Feeling Like a Giant in New York City

It is a common sight to see first-time visitors to this megalopolis painfully bending their necks backwards for most of the day, their jaws dropping, gazing at the town’s famous skyscrapers. Awe is doubtlessly the emotion they are feel, but New York does not possess the monopoly of places that produce such an emotion: The Chinese Wall, the Parthenon, the Great Canyon. There is, however, an emotion that only a place like New York City can inspire: smallness.

Many might imagine what it would be like to be taller –much, much taller– to dispel that diminishing feeling that overwhelms them. Their conservation instincts are probably making them wish they were 87 times closer to the sky than their present sizes allow them to be, so they could suddenly be able to peek into, say, what the occupiers of the 43rd floor at One World Trade Center are doing, just by standing next to it; or to literally look down on Lady Liberty, with its eternally rising arm barely –and less-than-majestically– reaching their navels.

As it turns out, now they can do just that at, out of all places, Times Square, where the exhibition “Gulliver’s Gate,” named after Jonathan Swift’s immortal book from the 18th century, will open at the beginning of May. The $40 million project is the brainchild of Eiran Gazit, a retired Israeli major who spent 14 years in the military. Thinking about what to do after retirement, Gazit has been quoted saying “Whatever field I chose after the military, it had to be one without secrets.”

It seems only fitting that the cosmopolitan capital of the world would be the stage to bring miniaturized versions of hundreds of historical landmarks from around the globe. From the pyramids in Egypt, through places as diverse as the favelas in Rio de Janeiro, the Kremlin, the rebuilt Parthenon, all the way to New York’s own Brooklyn Bridge, making it possible to go from one side of the planet to the other in just a few steps.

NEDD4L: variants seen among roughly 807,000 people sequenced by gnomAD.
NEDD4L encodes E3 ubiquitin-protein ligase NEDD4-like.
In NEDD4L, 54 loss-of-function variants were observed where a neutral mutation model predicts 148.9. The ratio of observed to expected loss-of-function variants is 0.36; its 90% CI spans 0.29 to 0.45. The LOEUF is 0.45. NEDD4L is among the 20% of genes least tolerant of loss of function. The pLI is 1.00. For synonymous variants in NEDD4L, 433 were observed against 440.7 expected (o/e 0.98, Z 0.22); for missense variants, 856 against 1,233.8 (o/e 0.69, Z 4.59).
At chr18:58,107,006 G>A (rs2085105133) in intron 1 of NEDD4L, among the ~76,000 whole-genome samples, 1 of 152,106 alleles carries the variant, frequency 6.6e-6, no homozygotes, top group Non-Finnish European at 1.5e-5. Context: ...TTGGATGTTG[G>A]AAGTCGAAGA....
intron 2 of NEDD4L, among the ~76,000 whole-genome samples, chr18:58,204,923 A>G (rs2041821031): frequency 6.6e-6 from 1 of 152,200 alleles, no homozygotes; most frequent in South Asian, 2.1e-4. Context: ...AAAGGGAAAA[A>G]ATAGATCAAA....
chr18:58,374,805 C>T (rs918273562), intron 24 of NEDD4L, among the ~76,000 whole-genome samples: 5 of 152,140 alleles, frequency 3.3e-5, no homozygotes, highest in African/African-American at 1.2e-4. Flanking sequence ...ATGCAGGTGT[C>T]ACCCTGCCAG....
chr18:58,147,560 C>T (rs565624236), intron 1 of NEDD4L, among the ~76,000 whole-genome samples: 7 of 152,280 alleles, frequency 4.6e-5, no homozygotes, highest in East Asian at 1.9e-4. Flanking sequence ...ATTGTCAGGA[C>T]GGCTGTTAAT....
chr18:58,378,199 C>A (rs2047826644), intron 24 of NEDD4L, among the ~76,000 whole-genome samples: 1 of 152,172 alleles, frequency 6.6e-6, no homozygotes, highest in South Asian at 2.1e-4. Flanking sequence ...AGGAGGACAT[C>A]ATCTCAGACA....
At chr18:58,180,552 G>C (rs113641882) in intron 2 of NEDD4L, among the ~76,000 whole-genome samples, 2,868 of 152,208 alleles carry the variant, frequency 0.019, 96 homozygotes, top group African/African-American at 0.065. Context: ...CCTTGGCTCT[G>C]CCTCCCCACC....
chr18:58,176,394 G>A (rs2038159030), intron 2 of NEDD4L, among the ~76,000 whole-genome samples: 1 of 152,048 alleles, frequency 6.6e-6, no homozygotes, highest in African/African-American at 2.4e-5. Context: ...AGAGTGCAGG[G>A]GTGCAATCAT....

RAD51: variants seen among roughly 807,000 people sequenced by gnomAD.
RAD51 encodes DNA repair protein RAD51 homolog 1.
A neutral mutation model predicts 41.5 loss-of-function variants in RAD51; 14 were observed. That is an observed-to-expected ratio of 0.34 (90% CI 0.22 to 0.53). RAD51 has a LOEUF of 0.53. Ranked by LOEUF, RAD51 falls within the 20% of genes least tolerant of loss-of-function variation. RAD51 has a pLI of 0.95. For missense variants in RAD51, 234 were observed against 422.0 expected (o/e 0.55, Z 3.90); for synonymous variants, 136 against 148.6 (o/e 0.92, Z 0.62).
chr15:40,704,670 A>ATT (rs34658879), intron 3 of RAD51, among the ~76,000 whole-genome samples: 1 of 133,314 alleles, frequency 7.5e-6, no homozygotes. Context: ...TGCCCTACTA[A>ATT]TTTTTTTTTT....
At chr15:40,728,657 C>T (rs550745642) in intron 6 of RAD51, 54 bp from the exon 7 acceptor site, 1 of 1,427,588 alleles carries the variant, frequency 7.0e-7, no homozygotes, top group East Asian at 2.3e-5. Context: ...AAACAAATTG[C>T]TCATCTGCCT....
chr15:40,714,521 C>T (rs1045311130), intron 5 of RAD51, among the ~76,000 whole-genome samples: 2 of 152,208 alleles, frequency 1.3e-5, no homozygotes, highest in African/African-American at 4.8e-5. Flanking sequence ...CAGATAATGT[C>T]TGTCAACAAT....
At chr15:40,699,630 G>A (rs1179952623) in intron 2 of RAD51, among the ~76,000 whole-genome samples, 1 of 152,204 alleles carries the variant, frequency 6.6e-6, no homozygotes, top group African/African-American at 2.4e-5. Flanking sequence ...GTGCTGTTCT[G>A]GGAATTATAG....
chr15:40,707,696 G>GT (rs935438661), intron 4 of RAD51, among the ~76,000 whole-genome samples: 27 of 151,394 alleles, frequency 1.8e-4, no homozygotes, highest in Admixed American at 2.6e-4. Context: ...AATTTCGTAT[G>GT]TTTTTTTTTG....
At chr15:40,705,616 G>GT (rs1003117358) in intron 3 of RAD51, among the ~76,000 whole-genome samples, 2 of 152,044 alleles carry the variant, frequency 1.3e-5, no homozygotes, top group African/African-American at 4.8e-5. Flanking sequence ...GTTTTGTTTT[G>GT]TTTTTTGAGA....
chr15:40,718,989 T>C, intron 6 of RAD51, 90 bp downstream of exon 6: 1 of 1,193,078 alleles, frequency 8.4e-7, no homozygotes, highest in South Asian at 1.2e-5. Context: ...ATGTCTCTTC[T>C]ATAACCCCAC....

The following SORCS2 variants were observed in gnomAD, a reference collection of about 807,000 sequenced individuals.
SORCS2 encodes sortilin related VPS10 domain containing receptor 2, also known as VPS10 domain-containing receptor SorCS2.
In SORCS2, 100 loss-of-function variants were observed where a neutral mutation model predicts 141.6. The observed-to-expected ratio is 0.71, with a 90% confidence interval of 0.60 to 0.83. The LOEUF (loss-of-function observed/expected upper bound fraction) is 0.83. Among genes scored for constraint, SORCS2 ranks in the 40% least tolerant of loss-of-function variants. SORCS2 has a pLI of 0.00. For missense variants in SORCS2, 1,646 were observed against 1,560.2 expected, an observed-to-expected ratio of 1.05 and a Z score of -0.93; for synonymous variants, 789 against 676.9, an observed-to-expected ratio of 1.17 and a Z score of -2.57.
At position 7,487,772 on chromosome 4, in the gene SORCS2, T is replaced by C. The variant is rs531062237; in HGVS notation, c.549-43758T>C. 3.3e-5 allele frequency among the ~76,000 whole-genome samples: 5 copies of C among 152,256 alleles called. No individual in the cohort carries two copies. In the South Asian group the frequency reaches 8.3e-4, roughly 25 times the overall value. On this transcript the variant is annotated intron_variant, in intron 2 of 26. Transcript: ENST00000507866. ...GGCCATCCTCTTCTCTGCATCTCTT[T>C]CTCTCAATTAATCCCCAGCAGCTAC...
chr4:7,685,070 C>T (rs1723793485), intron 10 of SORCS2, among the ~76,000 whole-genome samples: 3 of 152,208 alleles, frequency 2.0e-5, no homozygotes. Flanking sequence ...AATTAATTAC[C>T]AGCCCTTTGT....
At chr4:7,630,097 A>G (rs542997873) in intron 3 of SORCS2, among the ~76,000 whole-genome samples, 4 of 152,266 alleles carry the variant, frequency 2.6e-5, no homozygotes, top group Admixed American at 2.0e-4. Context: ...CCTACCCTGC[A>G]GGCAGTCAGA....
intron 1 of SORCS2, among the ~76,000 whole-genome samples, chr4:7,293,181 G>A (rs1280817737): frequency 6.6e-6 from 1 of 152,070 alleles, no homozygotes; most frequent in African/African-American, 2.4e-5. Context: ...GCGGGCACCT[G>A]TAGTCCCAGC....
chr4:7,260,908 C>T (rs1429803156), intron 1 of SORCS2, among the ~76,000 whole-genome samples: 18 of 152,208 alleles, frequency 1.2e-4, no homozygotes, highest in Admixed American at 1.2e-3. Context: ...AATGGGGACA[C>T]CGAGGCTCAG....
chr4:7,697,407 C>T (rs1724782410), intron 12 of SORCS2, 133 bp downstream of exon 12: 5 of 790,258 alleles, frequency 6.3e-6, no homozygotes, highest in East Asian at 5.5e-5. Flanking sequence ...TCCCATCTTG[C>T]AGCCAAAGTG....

The models may be small, but the numbers behind them are quite the opposite: the exhibit, expanding over 49,000 square feet of space leased out by Jared Kushner, displays 1,000 trains with about 12,000 wagons; over 10,000 cars and trucks. Many of those vehicles moving over a network of trains, roads, highways, bridges, and tunnels, spreading 475 feet. Not to mention a fully operational airport, where planes land and take off. And the planners are thinking about adding a model of the international space station, which will hover over visitors’ heads.

Buildings and landmarks aren’t the only things that will get miniaturized for this exhibit. Presently visitors to the preview can, literally, immerse themselves in the exhibit, having their whole bodies scanned inside a quasi-futuristic sphere that has dozens of cameras attached to it. The images are fed to a 3D printer that sculpts a 1:87 scale figure of the visitor that is then placed somewhere in the miniature world, officially making them part of the exhibition –or, as the organizers call them, “citizens.”

Many of the structures are still being built, but those finished are skillfully detailed: The rugged bricks of the Brooklyn Bridge; the rust covering parts of Lady Liberty; the accumulated dirt in the otherwise colorful walls of the favelas.

It inevitably makes one think of countless Hollywood films that have the protagonists shrink to the size of an ant. The kind of films that can make small children believe such things are possible.  But as skillfully detailed as the exhibition is, it will face a more sophisticated young audience than it might have had to deal with just a decade ago, before children could look up information from across the world in a matter of seconds.

That seemed to be clear when the father of a four-year-old girl pointed at the miniaturized version of the Statue of Liberty and mischievously told the little girl: “Look. See? I told you it was smaller than they show it on T.V.” The girl, intensively looking toward the model, appeared confused for just an instant. Then turned her face, almost indignantly to her father to proclaim, “Daddy, that’s not the real one!”